Four years ago Margaret Chin told us she would have said no to the deals to get beloved schools like P.S. 234 decades ago, and Spruce Street School more recently, because the community was giving away too much to corporations and developers and didn’t get enough affordable housing.
It raised our eyebrows, but we endorsed her for City Council, in part, because she made it clear that she was not against new schools, but she would use tough negotiating tactics to get the best deal for Downtown. Now a councilmember, she has said yes to worse deals then the ones she criticized and we are disappointed that she has not lived up to her promise. She does not deserve to be reelected.
When it’s time to negotiate, Chin “goes into the room…closes the door, makes the deal and shuts the people out.”
Jenifer Rajkumar, Chin’s opponent in the First District City Council Democratic primary, said that when Rajkumar announced her campaign a few months ago. Not all of her criticisms are valid, but that one is spot on.
It is true that Chin spends an extraordinary amount of time meeting with community groups and others to get their views on particular proposals, but she does not include leaders when the real talks start. This approach has alienated constituents in the Village and elsewhere over several projects, including the New York University expansion.
In a talking point published in The Villager, she promised not to back a business improvement district in Soho unless it had “substantial support,” including from Community Board 2. She ended up supporting the BID saying the proposal was altered in response to neighbors’ concerns, but there was no clear indication that community opposition had changed.
Rajkumar, a Democratic district leader living in Battery Park City and a civil rights attorney, has been an active presence in Lower Manhattan. Her record is not as strong and long as we’d like, and she has not convinced us that she will definitely be a good councilmember, but her intelligence, her communication skills and her diligence give us hope. We think she deserves a chance.
One of the most disturbing things about this campaign is that the real estate industry and others that make up the Jobs for New York PAC have tilted the field for Chin with frequent mailings on her behalf. The city’s model campaign finance system has been compromised by the disastrous Citizens United Supreme Court decision.
While Chin doesn’t control this independent real estate money, she is the clear beneficiary, and if she wins, she will have strong incentive to keep satisfying developers, particularly since she would be able to run for re-election one more time.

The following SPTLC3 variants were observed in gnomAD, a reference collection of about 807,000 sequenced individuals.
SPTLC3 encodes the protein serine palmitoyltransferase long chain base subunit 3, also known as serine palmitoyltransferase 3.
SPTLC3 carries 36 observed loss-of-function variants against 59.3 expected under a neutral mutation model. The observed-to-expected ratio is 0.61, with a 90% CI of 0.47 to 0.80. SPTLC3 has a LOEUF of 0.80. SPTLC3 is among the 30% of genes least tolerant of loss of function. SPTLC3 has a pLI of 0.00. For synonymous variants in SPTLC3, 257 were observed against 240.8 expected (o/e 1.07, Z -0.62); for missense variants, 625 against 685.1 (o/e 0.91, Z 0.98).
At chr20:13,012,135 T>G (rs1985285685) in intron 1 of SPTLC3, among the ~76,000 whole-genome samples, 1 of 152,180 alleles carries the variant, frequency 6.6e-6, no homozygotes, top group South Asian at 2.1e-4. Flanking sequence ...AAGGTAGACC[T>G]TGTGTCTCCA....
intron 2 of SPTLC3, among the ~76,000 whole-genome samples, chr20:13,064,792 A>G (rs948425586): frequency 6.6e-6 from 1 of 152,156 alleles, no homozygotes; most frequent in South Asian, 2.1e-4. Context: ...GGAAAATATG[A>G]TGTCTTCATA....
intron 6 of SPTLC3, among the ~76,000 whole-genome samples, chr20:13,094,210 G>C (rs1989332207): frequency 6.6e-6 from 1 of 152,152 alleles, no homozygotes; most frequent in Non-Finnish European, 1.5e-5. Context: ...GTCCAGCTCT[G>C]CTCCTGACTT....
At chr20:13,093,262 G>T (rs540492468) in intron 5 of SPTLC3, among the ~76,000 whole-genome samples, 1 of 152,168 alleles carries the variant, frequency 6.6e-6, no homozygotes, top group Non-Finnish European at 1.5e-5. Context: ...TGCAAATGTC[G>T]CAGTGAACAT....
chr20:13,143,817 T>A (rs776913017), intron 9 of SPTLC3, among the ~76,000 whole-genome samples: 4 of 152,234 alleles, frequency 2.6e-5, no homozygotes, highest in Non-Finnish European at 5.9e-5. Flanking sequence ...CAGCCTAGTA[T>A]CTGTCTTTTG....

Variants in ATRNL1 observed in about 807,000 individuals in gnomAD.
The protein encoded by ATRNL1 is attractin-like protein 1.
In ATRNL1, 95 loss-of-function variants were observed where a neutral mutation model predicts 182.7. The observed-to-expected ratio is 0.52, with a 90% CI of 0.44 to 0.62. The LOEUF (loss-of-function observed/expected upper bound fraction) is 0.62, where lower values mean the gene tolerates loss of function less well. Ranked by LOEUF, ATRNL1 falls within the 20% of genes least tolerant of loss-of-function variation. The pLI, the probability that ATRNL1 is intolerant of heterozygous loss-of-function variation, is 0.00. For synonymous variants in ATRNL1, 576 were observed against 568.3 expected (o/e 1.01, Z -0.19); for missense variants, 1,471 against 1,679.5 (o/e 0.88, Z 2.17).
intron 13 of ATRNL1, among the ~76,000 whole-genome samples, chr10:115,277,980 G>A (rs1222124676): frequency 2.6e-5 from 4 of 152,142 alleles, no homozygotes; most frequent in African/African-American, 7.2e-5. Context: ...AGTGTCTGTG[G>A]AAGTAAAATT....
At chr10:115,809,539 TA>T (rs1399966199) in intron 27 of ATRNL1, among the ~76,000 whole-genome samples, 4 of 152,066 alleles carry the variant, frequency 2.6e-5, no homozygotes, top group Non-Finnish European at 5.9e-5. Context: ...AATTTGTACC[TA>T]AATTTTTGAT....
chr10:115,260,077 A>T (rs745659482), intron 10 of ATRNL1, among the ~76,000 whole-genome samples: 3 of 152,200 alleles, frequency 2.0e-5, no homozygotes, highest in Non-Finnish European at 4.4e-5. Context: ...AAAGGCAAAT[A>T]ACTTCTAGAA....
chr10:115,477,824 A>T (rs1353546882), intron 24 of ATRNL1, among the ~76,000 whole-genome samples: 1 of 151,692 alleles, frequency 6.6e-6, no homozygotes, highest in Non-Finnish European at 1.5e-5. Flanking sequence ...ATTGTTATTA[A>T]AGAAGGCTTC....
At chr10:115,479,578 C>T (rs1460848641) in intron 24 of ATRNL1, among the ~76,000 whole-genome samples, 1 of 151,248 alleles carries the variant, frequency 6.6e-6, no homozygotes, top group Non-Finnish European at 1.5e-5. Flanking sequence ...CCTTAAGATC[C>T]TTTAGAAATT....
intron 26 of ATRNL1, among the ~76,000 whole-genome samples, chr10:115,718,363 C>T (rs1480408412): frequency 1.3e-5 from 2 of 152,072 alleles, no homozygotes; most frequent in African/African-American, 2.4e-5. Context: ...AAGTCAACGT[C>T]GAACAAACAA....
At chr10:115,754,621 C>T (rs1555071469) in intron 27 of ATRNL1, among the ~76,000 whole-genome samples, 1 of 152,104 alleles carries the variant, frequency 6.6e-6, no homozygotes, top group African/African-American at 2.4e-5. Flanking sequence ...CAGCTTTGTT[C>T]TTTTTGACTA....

If Rajkumar wins, her incentive would be to provide good representation to the people of Lower Manhattan to ensure her own re-election — the way democracy is supposed to work.
To be clear, we are not saying Chin does not work for her community. Her successfully winning 50 percent affordable housing at SPURA (Seward Park Urban Renewal Area), for one, was a major victory for her and the community. We recognize her many years of advocacy for affordable housing, immigrant rights and ballot access — and we hope that work continues, win or lose. But the Real Estate Board of New York is clearly happy with her first term, and if Chin wins, she would be taking a political risk if she opposed them.
At the South Street Seaport, she passively accepted a false city argument that two land use reviews known as ULURPs couldn’t be discussed in tandem, when in fact the city did exactly that nine years ago in Tribeca in a deal that led to a new community center and more school space. She defended the city’s decision to redact a key section of an agreement in which the Seaport’s developer, Howard Hughes Corp., outlined its intention to build a large hotel and residences in the neighborhood. It’s hard to imagine that more community needs could not have been met had Chin been more forceful negotiating the Pier 17 deal at the Seaport.
She has not been an effective representative for the community. We have not just heard this from a few activists from a few neighborhoods; we’ve also heard the same thing privately from community leaders and others who have nothing against her.
The only way to get better representation is to vote people out when they fall short. If Rajkumar doesn’t do a good job, she’s not likely to be able to stay in office for another term.
But we think Rajkumar has what it takes to be a good councilmember. The Villager endorses Jenifer Rajkumar in the Sept. 10 primary.